Silky smooth V8; visceral exhaust note; elegant interior.
Limited headroom with top up; little rear-seat legroom.
Slide into the cockpit of the newly redesigned 2012 BMW 650i Convertible and you feel as if you've entered an exclusive club for discerning business executives. When you're not being caressed by leather, you're touching cool, polished wood.
At a base price of $91,375, the 650i convertible competes against the cars that represent the highest pedigree in the automotive world, though not directly. It's a bit of a tweener, a little more restrained than the rock-star convertibles beyond the $100,000 mark, yet more personal and expressive than more familiar convertibles. Of course, once you add a few options as in our test vehicle, the 650i convertible's price zooms to $105,025. All this elegance begs the question: Is this car more about appearance or performance?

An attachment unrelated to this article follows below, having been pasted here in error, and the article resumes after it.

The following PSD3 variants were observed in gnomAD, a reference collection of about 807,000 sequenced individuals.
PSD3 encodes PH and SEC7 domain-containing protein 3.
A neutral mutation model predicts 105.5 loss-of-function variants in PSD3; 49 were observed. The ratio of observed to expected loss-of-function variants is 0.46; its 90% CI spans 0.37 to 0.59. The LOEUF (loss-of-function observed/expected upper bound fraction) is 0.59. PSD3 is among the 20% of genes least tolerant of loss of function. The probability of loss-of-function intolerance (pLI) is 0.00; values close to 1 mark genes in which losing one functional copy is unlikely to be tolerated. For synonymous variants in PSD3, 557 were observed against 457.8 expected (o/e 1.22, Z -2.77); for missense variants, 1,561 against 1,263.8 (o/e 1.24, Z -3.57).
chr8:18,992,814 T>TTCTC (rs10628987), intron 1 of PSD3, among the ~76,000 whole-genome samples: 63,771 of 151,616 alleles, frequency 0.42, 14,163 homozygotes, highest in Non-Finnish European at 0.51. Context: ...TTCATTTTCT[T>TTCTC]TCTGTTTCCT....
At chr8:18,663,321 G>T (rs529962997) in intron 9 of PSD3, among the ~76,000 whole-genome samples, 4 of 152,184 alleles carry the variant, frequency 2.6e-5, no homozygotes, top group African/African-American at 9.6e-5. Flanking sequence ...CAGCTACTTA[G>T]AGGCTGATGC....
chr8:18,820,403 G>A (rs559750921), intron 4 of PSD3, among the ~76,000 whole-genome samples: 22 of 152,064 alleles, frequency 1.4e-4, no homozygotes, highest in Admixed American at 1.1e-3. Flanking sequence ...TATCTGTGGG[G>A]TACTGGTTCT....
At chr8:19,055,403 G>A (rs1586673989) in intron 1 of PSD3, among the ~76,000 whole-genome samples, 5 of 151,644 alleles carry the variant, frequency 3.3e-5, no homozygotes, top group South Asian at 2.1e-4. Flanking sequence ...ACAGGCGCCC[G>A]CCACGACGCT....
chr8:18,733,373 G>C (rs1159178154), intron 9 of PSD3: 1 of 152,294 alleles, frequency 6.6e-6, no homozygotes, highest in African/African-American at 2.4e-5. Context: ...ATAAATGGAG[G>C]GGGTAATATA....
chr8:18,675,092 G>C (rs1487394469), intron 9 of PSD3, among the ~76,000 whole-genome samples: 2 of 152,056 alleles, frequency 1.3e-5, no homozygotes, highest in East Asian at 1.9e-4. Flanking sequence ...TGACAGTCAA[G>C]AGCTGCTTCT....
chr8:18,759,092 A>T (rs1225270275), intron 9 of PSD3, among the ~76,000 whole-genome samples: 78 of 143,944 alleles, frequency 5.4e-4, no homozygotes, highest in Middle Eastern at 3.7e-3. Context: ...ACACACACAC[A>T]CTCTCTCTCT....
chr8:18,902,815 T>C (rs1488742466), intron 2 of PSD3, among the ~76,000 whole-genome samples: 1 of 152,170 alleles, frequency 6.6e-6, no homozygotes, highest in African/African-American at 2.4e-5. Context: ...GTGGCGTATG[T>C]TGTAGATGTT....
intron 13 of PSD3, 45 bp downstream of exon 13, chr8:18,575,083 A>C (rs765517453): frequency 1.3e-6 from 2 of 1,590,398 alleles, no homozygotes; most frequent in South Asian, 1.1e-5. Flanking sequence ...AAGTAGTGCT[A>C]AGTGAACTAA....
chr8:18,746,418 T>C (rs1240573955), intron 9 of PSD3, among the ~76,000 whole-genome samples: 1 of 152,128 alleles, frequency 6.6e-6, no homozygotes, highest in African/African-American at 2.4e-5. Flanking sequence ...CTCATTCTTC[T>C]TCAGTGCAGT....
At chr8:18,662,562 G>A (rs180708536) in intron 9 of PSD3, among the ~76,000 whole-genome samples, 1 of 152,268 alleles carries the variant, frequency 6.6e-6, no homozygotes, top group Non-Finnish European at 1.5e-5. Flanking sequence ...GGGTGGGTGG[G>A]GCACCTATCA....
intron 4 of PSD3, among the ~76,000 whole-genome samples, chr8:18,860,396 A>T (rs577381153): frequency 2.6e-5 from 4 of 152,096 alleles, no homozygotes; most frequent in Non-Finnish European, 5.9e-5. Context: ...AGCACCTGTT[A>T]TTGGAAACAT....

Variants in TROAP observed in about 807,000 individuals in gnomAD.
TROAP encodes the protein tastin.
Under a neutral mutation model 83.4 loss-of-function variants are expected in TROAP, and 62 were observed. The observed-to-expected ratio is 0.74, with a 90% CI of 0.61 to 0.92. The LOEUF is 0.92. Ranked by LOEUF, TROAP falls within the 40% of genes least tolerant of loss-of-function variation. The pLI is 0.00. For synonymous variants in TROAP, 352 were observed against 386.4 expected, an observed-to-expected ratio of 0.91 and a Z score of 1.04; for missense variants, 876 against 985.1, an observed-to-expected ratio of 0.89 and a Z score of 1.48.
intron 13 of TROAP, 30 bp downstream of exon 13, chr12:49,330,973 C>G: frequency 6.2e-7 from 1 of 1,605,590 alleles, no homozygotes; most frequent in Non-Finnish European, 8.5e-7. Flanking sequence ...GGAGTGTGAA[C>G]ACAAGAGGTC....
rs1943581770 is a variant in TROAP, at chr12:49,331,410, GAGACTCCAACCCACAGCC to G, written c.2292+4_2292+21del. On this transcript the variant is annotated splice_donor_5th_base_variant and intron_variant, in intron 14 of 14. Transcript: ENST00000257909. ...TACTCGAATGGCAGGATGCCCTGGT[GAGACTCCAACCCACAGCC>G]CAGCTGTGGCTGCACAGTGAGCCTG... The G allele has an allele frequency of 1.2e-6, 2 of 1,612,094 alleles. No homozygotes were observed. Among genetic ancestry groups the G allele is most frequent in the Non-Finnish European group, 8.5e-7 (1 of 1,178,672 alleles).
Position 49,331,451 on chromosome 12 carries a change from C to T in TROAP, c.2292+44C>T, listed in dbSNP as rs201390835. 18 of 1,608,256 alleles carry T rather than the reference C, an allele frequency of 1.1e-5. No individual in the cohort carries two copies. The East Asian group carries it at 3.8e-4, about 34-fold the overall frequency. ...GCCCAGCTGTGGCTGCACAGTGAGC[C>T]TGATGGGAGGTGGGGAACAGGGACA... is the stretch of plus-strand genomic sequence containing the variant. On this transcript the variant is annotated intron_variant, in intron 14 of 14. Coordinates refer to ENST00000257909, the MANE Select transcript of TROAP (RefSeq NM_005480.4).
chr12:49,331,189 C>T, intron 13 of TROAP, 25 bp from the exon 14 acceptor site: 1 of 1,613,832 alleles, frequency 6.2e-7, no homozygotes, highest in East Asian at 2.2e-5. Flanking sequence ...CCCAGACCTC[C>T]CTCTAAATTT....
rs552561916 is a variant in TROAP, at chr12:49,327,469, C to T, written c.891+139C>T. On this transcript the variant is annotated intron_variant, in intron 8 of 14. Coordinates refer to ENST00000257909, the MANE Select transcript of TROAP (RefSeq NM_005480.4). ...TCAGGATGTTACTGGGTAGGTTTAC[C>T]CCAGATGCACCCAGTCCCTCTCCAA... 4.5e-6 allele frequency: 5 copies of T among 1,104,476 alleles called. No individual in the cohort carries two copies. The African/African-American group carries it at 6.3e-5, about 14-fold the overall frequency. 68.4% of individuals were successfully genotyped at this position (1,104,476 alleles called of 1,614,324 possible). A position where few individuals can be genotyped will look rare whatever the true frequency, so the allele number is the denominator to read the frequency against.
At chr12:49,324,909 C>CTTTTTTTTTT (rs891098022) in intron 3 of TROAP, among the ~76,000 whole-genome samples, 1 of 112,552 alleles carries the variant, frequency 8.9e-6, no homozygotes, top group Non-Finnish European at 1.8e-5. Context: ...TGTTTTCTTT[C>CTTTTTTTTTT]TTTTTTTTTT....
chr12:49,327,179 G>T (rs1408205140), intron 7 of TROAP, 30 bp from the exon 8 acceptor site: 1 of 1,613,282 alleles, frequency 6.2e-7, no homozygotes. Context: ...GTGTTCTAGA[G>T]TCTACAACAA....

The answer comes when you tap the twin-turbo 4.4-liter V8 and experience its 400 horsepower and 450 pound-feet of torque. The power delivery is as assured as a Don Draper sales presentation on Mad Men. Of course it's fast, doing the 0-60-mph dash in 4.9 seconds during Edmunds.com's track testing. But it's the feeling of all that power — the way it spools up like the engines of an executive jet — that's so exquisite. Even better, you don't have to drive the 2012 BMW 650i Convertible like an outlaw to have fun. The torque is lying in wait like an insider stock tip, delivered by an intuitive eight-speed automatic transmission (a manual is also available).
The list of convertibles in this price range is limited and BMW's 650i nicely straddles the worlds of comfort and performance. The 2011 Mercedes-Benz E-Class Convertible starts at a much lower $56,850, and the much pricier Maserati GranTurismo convertible starts at $136,300. While the BMW's interior is stunning — some might even find it overdone — the soul of this drop top lies in its performance and flexibility. While the 650i convertible's 4,560-pound curb weight means it won't carve a tight canyon road, it does feel exceptionally capable on sweeping mountain turns, threading through city traffic or pulling up in front of the best restaurant in town.
Besides, everyone knows a convertible is a fountain of youth. Roll down the top and you can roll back the years.